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The recession catches up to reality TV

A new batch of reality shows is facing up to the fact we live in difficult times


 
Lose everything, find a fairy jobmother

GPhoto Illustration by Lauren Cattermole/Maclean's

Network executives think we want escapism in scripted TV: “Strategically,” ABC president Paul Lee told critics, “these are times when fairy tales play strongly.” But don’t tell that to the creators of reality shows.

The cheapest, quickest profit-making shows on television are facing up to the fact that we live in depressing times. In addition to the usual shows about weddings and failed relationships, cable networks have spent the last two years developing programs like Pawn Stars and Hardcore Pawn, the stories of pawnshops and the people who have to sell their stuff there. If you’d prefer to watch people buy things instead of selling them, Extreme Couponing has become a hit by featuring shoppers who try to get all the discounts they can, even if it means they have to stockpile detergent and toilet paper. Viewers may not be interested in escaping into a world of wealth and beauty; Simon Lloyd, CEO of reality-show producer Cineflix, told Maclean’s that today’s audiences “want to get value for money.”

The reality shows of the ’00s were often as escapist as today’s scripted shows, especially when it came to housing: Flip This House and its cousins told us there was a fortune to be made, while makeover shows emphasized the dream of living well. But today, because many people have less outsized ambitions, reality producers have moved to taking on more realistic dreams. The most popular reality sub-genre at the moment is the hoarder show, where the best anyone can do is move out of squalor.

Other recent shows acknowledge that we’ve given up hoping the future will be better than the past. In the Cineflix show American Pickers, and its spinoff Canadian Pickers, two men come into people’s homes and try to find valuable antiques among the old junk. Lloyd says that part of the appeal is that “a lot of things that are being bought and sold are from an era when times were good. There’s very much an element of nostalgia there. People aren’t buying things from the 1930s.”

Shows about getting rich quick have either died out or been forced to adapt to the new world. Flipping Out, finishing up its fifth season with solid ratings, began in 2007 as part of the house-flipping genre, with the star, Jeff Lewis, trying to make a fortune. After the housing market collapsed, we saw Lewis cut back his business and take on extra duties to stay afloat. Another recession-era take on house flipping, Flip Men, has its stars buying problematic homes at today’s rock-bottom prices; Lloyd’s company has one called The Unsellables about houses that can’t sell. “That was very much developed in relation to the credit crunch.”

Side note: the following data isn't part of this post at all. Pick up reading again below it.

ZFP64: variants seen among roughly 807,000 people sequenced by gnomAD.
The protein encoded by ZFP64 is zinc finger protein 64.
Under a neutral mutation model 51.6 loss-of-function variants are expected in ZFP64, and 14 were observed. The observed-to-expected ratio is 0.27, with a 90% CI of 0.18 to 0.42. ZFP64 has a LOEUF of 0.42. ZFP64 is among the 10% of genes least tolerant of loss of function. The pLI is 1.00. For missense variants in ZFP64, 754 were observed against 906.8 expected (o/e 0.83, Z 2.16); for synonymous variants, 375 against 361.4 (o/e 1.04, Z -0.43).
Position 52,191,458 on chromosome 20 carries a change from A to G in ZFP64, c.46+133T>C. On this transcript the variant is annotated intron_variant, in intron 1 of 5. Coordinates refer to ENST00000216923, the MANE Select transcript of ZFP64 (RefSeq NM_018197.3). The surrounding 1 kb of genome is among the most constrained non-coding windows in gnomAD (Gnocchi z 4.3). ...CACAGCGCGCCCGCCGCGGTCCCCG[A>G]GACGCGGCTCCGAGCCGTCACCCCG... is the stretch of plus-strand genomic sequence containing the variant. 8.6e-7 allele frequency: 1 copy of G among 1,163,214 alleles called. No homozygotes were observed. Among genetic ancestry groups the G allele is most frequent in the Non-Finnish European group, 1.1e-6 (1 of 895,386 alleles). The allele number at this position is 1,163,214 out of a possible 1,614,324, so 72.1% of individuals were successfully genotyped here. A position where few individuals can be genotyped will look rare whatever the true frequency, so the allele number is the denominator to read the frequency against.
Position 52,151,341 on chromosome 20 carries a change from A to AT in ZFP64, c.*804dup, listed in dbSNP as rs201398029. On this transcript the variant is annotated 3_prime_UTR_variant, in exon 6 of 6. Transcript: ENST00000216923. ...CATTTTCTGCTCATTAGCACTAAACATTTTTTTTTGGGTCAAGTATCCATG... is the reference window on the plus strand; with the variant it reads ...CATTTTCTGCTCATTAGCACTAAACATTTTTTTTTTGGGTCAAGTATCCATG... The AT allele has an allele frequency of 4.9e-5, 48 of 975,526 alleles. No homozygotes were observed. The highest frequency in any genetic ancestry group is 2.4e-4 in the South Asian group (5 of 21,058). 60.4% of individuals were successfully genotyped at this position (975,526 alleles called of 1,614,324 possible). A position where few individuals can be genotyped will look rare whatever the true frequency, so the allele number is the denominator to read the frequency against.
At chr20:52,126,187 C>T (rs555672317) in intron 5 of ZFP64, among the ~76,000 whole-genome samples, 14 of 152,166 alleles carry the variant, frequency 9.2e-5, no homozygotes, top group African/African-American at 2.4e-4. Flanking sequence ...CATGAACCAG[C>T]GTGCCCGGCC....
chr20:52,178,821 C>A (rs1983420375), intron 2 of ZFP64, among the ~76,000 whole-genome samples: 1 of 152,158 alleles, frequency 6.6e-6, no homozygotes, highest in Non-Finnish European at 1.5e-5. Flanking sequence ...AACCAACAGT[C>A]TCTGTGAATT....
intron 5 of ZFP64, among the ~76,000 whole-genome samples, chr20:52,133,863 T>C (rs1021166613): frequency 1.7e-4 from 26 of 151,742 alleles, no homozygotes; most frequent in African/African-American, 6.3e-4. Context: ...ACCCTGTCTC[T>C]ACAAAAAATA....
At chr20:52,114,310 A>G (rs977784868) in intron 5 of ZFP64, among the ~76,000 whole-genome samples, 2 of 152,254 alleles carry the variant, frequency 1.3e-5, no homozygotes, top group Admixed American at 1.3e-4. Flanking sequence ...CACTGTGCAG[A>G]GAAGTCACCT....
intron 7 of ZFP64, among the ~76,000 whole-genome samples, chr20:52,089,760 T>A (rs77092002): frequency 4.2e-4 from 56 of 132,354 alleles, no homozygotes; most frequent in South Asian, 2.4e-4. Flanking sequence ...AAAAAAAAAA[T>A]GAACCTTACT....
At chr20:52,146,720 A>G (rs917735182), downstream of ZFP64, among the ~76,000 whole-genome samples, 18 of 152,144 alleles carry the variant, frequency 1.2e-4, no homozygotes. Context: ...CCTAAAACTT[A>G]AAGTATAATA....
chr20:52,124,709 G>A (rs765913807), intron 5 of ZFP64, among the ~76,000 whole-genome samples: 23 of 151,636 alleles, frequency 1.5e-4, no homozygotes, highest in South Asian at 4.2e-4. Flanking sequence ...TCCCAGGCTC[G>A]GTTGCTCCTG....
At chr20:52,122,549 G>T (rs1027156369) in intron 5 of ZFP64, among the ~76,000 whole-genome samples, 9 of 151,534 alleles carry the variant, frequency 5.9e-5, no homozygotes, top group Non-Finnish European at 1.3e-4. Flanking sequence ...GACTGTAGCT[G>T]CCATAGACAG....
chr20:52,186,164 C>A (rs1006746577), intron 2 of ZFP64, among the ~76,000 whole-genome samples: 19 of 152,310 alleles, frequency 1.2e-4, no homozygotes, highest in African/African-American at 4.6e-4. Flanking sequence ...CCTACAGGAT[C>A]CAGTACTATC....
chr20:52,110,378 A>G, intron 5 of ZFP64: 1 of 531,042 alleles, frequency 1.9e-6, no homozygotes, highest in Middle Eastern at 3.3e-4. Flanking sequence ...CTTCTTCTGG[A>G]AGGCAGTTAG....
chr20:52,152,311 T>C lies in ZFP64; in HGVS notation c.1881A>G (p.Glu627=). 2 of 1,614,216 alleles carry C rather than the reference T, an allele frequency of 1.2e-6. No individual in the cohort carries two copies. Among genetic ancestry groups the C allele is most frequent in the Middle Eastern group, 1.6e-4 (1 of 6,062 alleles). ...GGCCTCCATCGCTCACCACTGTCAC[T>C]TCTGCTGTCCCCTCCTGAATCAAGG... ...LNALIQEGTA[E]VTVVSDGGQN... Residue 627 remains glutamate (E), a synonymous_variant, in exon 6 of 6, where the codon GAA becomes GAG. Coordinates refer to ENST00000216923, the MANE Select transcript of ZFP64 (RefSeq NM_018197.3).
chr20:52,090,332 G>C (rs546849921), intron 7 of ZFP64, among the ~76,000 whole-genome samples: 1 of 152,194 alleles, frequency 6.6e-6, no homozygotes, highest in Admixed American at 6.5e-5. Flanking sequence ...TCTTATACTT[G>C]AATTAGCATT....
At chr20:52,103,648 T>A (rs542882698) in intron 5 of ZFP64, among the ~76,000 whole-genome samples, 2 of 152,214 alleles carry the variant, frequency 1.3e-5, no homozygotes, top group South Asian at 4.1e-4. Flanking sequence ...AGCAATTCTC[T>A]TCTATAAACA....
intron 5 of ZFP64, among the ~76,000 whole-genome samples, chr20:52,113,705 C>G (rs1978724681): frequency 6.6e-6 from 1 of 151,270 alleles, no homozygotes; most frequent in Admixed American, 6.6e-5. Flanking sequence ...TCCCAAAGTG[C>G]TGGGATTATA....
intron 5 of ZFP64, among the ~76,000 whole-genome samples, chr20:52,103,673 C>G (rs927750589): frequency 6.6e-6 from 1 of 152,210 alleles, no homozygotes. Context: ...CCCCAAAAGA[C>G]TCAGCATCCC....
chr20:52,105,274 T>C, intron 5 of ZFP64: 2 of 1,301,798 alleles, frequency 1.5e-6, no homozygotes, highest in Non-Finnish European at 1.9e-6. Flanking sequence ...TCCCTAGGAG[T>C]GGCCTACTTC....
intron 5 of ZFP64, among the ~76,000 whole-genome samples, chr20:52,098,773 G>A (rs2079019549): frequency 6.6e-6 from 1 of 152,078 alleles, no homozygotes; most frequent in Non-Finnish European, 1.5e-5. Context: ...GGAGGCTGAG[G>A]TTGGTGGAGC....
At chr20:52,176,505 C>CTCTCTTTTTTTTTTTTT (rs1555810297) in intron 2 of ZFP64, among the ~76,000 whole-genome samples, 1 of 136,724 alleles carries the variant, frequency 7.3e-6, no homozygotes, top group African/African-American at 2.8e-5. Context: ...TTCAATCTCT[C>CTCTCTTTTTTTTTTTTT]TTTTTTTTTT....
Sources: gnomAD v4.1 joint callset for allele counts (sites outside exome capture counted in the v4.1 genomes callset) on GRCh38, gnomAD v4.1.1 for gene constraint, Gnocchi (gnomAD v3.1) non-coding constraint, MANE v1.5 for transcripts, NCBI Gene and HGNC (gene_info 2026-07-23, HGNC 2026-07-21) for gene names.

All these shows taken together could seem depressing, but they certainly can’t be accused of being out of step with the times, and timeliness equals profitability. When Hayley Taylor created a North American version of her show The Fairy Jobmother, where she helps unemployed people find jobs, she chirped to Reuters that the timing was “absolutely perfect.” And unlike most modern scripted shows, viewers can go to these reality shows to get some direct engagement with current issues. Most scriptwriters haven’t noticed that, as CNN’s Paul R. La Monica wrote, “demand for storage and apartments is increasing even as rental rates go up.” But reality shows have noticed: Storage Wars, about what happens to people’s storage units after they don’t pay the rent, is on its way to becoming one of the defining shows of the new era.

There are a few scripted producers who have taken the hint and started to incorporate some of this material into their work. Michael Patrick King, who produced the boom-times show Sex and the City, has returned with 2 Broke Girls, which announces its intention in the title, though it’s been mocked for its inaccurate understanding of what it means to be poor. Two other recent comedies, The Middle and Raising Hope, focus on lower middle-class families that sometimes have to think carefully about their expenses. It may take a while, but the rest of the industry may start following reality TV’s lead in dealing with the bad financial situation. If economic forecasts are right, they’ll have plenty of time to catch up.


 

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